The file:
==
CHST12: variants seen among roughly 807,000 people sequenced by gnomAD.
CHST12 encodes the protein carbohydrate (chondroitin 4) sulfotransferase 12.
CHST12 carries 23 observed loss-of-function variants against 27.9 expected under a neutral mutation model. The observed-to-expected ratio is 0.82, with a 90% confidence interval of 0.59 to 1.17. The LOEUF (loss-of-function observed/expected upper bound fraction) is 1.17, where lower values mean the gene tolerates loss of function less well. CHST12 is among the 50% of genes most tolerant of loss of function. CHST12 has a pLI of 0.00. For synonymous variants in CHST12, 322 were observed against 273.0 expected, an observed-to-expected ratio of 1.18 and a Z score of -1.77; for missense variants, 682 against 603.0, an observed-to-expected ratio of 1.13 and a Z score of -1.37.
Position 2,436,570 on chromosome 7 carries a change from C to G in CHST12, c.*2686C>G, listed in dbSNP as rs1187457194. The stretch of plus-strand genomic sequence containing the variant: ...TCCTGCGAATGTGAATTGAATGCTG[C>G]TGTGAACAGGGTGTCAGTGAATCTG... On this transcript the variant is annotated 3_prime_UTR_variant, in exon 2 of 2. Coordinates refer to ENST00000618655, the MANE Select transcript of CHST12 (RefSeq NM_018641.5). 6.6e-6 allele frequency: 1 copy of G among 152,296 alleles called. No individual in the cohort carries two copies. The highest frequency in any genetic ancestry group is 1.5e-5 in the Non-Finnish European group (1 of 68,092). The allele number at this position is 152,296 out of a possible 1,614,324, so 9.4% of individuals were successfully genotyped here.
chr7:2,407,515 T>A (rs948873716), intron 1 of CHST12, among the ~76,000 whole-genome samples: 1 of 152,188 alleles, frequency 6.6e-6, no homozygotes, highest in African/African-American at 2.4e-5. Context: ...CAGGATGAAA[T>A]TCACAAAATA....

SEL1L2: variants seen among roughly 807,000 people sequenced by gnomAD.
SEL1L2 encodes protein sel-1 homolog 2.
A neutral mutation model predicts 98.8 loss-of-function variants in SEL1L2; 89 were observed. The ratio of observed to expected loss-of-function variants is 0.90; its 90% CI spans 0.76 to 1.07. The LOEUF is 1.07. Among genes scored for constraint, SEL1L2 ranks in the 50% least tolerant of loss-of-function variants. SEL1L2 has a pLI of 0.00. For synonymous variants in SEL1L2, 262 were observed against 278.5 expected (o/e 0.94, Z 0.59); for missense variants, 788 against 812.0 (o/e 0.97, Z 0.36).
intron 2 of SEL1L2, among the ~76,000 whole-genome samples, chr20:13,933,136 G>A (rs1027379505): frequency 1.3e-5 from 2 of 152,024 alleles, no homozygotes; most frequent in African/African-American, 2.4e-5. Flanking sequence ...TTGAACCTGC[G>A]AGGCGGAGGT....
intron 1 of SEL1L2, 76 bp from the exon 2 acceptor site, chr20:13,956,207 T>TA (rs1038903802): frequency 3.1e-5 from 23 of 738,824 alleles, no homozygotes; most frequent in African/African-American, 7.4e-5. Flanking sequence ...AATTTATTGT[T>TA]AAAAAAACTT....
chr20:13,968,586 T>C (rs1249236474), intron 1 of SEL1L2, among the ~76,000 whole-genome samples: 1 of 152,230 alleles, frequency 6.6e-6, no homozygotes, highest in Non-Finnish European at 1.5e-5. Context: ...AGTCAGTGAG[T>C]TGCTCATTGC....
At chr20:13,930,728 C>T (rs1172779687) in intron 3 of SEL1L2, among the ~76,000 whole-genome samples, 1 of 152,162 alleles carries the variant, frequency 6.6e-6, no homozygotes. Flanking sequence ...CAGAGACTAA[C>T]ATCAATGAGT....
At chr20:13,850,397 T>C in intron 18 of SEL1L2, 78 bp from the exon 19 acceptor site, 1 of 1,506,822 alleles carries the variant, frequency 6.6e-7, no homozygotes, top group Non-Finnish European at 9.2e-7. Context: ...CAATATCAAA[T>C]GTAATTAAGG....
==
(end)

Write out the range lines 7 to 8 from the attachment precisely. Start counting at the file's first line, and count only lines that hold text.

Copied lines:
SEL1L2 encodes protein sel-1 homolog 2.
A neutral mutation model predicts 98.8 loss-of-function variants in SEL1L2; 89 were observed. The ratio of observed to expected loss-of-function variants is 0.90; its 90% CI spans 0.76 to 1.07. The LOEUF is 1.07. Among genes scored for constraint, SEL1L2 ranks in the 50% least tolerant of loss-of-function variants. SEL1L2 has a pLI of 0.00. For synonymous variants in SEL1L2, 262 were observed against 278.5 expected (o/e 0.94, Z 0.59); for missense variants, 788 against 812.0 (o/e 0.97, Z 0.36).